Instinctively I shouldered my rifle but I knew he was dead by how he was laying. My buck was frozen and stiff giving me relief knowing that he had not suffered long after leaving him through the night. Jeff and I took some video and photos and had a good laugh about my third shot as it was evident where it had struck the animal almost blowing a portion of his right antler off. In my defense the angle he was standing below me my shot would have only been just high over his back but I had however struck his antler. I was glad to see it still attached and took extra caution hauling him off the mountain to not break it off. We then began quartering my buck for the haul to the top.
This is the first time I've ever had to back out on an injured animal and I definitely don't like the feeling of it however I know it is part of hunting and I know by doing so I made the right choice especially after finding my buck within 80 yards of where I had left him. I couldn't be happier with this deer. He's roughly 28" wide and I honestly don't care what he scores. I enjoy every minute of the outdoors I can get my hands on. I love the effort that is involved in back country hunts, and I love the pain of success. I dare say I even love the pain of tag soup sometimes! It's hard to be disappointed when you know you gave it all you had, leaving it all on the table if you will. To me that's what it's all about. I wish each of you all the success you deserve in the coming seasons.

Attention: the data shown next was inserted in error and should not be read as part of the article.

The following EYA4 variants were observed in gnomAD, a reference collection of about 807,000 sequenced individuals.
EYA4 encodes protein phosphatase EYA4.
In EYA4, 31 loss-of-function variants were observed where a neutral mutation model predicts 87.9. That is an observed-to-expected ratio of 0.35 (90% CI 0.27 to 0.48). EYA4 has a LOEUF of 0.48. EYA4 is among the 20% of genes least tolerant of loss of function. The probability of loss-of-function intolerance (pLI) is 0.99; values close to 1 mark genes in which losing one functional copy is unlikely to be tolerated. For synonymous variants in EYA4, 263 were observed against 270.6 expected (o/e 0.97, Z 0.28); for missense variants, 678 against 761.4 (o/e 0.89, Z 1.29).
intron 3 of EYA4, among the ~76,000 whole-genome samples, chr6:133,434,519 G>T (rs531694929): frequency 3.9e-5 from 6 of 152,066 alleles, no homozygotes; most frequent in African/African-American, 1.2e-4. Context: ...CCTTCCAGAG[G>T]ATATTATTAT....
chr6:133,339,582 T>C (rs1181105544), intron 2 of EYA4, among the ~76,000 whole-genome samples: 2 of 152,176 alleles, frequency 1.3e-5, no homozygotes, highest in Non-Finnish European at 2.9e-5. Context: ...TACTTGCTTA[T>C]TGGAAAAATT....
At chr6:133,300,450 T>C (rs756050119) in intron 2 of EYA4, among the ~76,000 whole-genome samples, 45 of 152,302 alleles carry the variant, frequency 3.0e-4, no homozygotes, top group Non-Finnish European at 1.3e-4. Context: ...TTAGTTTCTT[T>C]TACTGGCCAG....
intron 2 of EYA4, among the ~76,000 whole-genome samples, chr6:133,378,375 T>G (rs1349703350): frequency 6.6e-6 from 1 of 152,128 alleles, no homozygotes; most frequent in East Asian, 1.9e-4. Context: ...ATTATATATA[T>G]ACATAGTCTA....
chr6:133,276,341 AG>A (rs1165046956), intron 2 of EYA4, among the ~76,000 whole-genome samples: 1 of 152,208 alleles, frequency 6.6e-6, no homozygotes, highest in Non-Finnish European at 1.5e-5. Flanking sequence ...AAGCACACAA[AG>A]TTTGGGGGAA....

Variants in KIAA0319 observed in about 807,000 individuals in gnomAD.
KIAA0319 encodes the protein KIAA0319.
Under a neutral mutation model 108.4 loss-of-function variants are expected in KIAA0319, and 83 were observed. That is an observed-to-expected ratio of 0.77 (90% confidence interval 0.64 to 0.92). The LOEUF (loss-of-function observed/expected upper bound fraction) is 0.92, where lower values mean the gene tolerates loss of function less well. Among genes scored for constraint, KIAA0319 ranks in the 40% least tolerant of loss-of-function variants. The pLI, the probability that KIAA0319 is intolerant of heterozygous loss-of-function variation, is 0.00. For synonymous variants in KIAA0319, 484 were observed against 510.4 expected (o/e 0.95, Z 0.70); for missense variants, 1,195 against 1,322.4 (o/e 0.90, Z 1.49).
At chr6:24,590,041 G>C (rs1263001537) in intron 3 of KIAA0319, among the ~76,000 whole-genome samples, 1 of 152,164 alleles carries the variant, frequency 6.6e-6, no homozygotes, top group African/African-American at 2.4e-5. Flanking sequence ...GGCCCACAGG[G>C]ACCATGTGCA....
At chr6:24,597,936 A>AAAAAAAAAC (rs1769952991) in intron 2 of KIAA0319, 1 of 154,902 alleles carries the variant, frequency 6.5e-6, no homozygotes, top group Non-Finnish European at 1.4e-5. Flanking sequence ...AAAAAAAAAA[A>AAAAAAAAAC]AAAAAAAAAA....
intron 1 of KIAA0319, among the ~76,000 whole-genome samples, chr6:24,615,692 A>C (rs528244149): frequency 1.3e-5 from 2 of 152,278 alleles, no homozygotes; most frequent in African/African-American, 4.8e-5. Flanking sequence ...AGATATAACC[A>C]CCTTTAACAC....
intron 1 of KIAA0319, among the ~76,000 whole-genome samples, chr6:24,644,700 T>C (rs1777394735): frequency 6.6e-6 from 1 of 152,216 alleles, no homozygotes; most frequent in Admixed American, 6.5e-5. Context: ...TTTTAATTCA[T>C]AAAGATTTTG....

On a side note I hear all the time how terrible the deer hunting is for general season hunters here in Utah but I've yet to experience that. I believe without doubt Utah has some incredible deer hunting in all the general units but most of you will have to work hard for good bucks. I want to thank our RMA Sponsors Vortex Optics and Sitka Gear for their quality products. I don't buy or use gear that I don't trust. Both of these companies have aided in the successes of my hunts and I couldn't be happier with their gear.